You don’t have to donate money to make a difference. The next time you plan on dining out or getting a takeaway, consider patronising eateries and food businesses that support vulnerable communities or create employment for disadvantaged groups. That way, you get to enjoy a meal and support a worthy cause at the same time.
From providing meals to the needy to hiring those with special needs, these five F&B businesses make Singapore and the region a better place to live in. Show them some love especially in these challenging economic times.
69 Boon Keng Road
What do you do when you want to help those in need in a more sustainable way other than donating time and money? For Koh Seng Choon, it was starting an air-conditioned food court run by people with disabilities and who are disadvantaged. A full-fledged foodie by his own admission, Koh decided to merge his love for food with a poverty-fighting business model by setting up Dignity Kitchen in 2010, the first initiative of his social enterprise Project Dignity.
The seven stalls in the halal-certified food court offer local favourites such as nasi lemak, laksa, kolo mee, mee siam, mee rebus, lontong, beef and chicken rendang, Hainanese chicken rice, claypot chicken rice and rojak, as well as Western staples such as Fish & Chips, Chicken Chop, Teriyaki Chicken and Tomato Mushroom Pasta. There’s also a bakery which churns out fresh muffins, cakes and cookies. The food court, which also has a food delivery service, provides lunch treats for elderly residents of nursing homes across Singapore every day.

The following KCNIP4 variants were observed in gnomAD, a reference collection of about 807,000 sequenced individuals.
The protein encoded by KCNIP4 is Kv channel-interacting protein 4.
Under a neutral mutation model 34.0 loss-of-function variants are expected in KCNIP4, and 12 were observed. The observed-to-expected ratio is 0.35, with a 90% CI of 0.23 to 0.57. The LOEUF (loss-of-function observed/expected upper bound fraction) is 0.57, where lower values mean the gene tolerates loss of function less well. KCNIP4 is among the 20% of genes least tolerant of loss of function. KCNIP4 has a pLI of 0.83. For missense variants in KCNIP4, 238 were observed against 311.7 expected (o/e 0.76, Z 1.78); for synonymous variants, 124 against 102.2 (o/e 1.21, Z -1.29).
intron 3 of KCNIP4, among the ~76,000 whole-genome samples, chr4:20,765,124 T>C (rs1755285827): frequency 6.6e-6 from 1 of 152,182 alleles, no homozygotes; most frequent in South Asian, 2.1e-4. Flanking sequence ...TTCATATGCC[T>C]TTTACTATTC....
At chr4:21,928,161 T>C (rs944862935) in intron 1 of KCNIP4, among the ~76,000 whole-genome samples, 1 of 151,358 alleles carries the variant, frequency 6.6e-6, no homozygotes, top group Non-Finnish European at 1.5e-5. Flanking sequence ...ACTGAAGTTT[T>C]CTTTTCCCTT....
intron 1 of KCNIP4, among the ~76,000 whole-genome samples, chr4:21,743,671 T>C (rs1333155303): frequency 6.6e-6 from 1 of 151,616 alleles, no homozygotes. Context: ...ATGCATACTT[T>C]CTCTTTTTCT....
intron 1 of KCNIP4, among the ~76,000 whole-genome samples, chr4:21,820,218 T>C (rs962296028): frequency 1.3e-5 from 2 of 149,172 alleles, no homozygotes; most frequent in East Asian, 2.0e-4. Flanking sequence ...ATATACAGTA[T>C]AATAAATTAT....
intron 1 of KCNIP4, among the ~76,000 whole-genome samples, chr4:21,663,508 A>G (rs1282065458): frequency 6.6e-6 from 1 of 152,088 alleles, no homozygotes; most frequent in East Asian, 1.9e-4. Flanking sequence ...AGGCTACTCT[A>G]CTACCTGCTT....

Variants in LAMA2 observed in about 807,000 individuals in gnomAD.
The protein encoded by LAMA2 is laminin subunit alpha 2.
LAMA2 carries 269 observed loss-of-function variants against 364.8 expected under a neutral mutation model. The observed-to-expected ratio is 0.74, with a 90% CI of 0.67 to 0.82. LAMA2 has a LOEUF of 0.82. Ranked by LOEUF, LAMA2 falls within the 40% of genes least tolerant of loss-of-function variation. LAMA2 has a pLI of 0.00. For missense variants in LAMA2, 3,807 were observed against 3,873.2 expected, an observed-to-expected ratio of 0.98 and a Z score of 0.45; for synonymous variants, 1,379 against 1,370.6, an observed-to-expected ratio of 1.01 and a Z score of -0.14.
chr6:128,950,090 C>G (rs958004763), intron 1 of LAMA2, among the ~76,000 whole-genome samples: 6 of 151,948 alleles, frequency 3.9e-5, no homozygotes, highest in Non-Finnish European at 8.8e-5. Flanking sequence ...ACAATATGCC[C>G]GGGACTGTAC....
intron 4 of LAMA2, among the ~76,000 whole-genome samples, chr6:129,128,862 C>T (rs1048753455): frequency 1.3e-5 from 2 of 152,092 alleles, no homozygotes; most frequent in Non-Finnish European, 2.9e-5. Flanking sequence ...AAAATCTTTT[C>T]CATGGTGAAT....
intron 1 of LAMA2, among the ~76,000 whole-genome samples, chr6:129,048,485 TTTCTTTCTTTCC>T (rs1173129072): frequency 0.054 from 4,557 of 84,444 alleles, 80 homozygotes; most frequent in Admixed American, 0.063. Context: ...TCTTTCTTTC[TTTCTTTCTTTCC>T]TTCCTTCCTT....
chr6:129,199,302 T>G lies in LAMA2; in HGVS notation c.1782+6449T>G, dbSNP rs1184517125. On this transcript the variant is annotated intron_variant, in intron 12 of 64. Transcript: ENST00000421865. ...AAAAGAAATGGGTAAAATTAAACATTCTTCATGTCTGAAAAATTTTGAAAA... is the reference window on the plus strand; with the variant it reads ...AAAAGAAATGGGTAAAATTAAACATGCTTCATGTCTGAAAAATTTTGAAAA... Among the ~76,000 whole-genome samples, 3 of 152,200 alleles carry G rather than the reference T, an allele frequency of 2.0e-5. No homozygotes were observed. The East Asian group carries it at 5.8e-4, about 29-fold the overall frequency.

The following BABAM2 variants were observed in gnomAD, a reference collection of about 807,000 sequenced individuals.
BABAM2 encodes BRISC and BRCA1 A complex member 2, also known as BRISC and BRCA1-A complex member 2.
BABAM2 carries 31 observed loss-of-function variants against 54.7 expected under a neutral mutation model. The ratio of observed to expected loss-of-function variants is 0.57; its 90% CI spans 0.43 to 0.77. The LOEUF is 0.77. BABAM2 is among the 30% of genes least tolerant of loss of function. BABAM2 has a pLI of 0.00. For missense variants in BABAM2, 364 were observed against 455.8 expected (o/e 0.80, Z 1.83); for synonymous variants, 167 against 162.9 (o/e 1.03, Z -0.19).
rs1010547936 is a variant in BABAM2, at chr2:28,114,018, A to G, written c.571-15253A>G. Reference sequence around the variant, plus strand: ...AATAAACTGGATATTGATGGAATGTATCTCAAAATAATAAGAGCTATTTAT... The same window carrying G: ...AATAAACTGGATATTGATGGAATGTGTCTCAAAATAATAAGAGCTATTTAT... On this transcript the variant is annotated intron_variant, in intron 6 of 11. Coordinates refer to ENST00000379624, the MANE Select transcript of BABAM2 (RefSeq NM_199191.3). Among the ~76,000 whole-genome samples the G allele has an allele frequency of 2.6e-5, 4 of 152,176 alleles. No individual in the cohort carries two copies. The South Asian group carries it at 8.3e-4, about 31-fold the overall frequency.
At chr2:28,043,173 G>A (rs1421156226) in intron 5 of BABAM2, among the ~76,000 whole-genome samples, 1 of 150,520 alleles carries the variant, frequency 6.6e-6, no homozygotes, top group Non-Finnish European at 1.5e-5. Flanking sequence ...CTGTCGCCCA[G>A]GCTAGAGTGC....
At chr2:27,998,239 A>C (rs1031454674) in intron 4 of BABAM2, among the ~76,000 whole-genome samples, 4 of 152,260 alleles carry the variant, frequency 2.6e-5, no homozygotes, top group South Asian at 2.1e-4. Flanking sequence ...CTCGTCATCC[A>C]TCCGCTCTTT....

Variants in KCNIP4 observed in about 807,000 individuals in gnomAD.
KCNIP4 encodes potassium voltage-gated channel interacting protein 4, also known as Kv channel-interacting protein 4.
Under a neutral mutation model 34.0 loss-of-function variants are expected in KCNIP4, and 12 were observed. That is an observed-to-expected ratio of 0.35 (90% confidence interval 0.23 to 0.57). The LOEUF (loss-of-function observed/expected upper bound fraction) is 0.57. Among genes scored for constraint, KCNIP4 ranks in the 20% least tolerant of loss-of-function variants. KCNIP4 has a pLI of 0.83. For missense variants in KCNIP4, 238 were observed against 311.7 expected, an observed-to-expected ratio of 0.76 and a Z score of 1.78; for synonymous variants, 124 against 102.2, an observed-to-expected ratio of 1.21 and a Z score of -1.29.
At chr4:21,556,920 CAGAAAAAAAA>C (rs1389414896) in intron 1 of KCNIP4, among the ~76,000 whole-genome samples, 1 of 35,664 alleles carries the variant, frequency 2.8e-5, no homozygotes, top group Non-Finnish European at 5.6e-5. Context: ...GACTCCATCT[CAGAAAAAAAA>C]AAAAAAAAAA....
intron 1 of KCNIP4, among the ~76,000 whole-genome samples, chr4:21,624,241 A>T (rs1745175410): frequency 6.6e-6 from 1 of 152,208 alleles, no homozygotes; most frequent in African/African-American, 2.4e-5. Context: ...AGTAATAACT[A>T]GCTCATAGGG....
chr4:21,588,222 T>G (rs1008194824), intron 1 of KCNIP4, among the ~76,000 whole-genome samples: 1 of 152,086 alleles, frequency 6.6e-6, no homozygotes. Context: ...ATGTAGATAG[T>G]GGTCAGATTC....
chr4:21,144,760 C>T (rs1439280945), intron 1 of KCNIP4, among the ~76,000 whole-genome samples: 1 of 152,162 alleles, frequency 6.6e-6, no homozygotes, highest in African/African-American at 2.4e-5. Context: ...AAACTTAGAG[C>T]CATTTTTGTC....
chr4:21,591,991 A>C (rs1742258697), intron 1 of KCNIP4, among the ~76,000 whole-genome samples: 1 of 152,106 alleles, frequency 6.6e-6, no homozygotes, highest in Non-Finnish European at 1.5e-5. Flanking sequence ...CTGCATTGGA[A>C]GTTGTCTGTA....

Project Dignity also operates Dignity Learn, an inclusive training centre which runs a 22-day Train-and-Place programme for adults with special needs who are seeking employment. Trainees are paid a daily allowance throughout the programme, and upon graduation, they are prepared for interviews with Project Dignity’s employment and industry partners. Some of the trainees may end up working for Dignity Kitchen.
Marina One The Heart #B2-04
Founder Eileen Yap started social enterprise Singapore Fashion Runway: Fashion for a Social Cause in 2015 with one goal in mind – to enable those with special needs or from disadvantaged communities to fulfil their dreams of designing fashion pieces and showcasing them through public fashion shows, and for the public to witness how the lives of these individuals have been impacted.
In May this year, she launched Food for a Social Cause with the same goal, albeit repurposed for the food and beverage industry. She took youths and adults with special needs who wanted to work for a food business under her wings and taught them how to prepare meals, serve customers and upskill themselves. Equipped with the necessary skills and know-how, they help her run her eatery at Marina One.
Daily set menu items were curated by the youths and inspired by their favourite countries. These include Fish & Chips, Roasted Chicken Rice, Nasi Briyani, Seafood Pasta, Ayam Penyet, Teriyaki Chicken Rice, Taiwanese Crispy Chicken, Mala Chicken, Beef Bulgogi, Beef & Cheese Burger and Thai Pineapple Rice. There are also keto dishes, which have fast become the eatery’s hot favourites, such as Keto Oven Baked Boneless Chicken Leg, Keto Pan-Fried Dory Fillet and Keto Brownie.
• 333 Kreta Ayer Road #01-14 • Marina One Residences #01-03 (Garden Tower)